Jessie Matthews

Jessie Matthews

Jessie Matthews. Wikipedia

Jessie Matthews was born in 1907 and was an English actress, dancer and singer of the 1920s and 1930s, whose career continued into the post-war period.

After a string of hit stage musicals and films in the mid-1930s, Matthews developed a following in the USA, where she was dubbed “The Dancing Divinity”. Her British studio was reluctant to let go of its biggest name, which resulted in offers for her to work in Hollywood being repeatedly rejected.

Jessie Matthews

Matthews was born in a flat behind a butcher’s shop at 94 Berwick StreetSoho, London, in relative poverty, the seventh of sixteen children (of whom eleven survived) of a fruit-and-vegetable seller. She took dancing lessons as a child in a room above the local public house at 22 Berwick Street.

She went on stage on 29 December 1919, aged 12, in Bluebell in Fairyland, by Seymour Hicks, music by Walter Slaughter and lyrics by Charles Taylor, at the Metropolitan Music Hall, Edgware Road, London, as a child dancer

Jessie Matthews

She made her film debut in 1923 in the silent film The Beloved Vagabond. She had a small part in Straws in the Wind (1924).

Matthews was in the chorus in Charlot’s Review of 1924 in London. She went with the show to New York, where she was also understudy to the star, Gertrude Lawrence. The show moved to Toronto, and when Lawrence fell ill she took over the role and was given great reviews.

Matthews was acclaimed in the United Kingdom as a dancer and as the first performer of numerous popular songs of the 1920s and 1930s, including “A Room with a View” by Noël Coward and “Let’s Do It, Let’s Fall in Love” by Cole Porter.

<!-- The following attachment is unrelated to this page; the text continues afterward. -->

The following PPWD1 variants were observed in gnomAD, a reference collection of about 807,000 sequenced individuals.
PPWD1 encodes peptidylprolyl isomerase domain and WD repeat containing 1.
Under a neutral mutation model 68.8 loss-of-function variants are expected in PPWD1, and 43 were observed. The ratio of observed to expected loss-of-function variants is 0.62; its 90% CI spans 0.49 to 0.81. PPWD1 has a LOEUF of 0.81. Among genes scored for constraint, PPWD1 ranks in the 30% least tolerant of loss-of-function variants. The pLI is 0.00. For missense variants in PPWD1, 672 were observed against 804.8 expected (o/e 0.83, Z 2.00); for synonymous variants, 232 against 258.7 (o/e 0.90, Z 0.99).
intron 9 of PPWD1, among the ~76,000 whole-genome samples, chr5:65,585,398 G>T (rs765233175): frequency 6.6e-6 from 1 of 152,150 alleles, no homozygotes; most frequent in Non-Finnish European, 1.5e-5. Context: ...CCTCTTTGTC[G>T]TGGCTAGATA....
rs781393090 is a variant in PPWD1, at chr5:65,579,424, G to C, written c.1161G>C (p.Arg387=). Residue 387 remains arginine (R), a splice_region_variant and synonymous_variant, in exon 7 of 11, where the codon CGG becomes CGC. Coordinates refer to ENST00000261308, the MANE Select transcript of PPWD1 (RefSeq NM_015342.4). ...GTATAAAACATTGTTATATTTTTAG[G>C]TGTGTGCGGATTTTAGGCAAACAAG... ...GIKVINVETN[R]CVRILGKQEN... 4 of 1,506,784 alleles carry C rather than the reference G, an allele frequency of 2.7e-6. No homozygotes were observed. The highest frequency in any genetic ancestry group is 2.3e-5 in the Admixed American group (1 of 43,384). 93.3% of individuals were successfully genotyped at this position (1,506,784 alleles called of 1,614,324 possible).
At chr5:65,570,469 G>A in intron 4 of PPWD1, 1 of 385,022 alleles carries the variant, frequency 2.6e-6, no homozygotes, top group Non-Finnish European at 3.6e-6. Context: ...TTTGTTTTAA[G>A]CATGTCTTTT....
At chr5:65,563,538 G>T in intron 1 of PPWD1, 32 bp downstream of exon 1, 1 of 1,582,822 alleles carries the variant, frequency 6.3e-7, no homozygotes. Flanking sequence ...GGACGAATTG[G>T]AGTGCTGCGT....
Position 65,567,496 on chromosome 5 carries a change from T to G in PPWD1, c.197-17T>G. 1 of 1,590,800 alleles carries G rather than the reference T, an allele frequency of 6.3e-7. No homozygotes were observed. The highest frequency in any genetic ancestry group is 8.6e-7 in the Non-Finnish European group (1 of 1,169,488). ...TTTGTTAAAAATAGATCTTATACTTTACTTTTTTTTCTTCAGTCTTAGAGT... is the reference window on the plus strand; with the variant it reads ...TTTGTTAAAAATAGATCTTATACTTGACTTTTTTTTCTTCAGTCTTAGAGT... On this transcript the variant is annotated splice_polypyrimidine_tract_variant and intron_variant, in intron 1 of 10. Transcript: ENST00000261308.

Matthews’ fame reached its initial height with her lead role in Charles B. Cochran‘s 1930 stage production of Ever Green, premiered at the Alhambra Theatre Glasgow. The musical by Rodgers and Hart was partly inspired by the life of music hall star Marie Lloyd and her daughter’s tribute act resurrection of her mother’s acclaimed Edwardian stage show as Marie Lloyd Junior. At its time Ever Green, which included the first major revolving stage in Britain,was the most expensive musical ever mounted on a British stage.

Matthews’ first major film role was in Out of the Blue (1931). She was in two films directed by Albert de CourvilleThe Midshipmaid (1932) and There Goes the Bride (1932).

Matthews enjoyed great success with The Good Companions (1933) directed by Victor Saville, although it was more of an ensemble film and The Man from Toronto (1933). Waltzes from Vienna (1933) was an operetta directed by Alfred Hitchcock, followed by Friday the Thirteenth (1933).

She was in the film version of Evergreen (1934) which featured the newly composed song Over My Shoulder which was to go on to become Matthews’ personal signature song, later giving its title to her autobiography and to a 21st-century musical stage show of her life.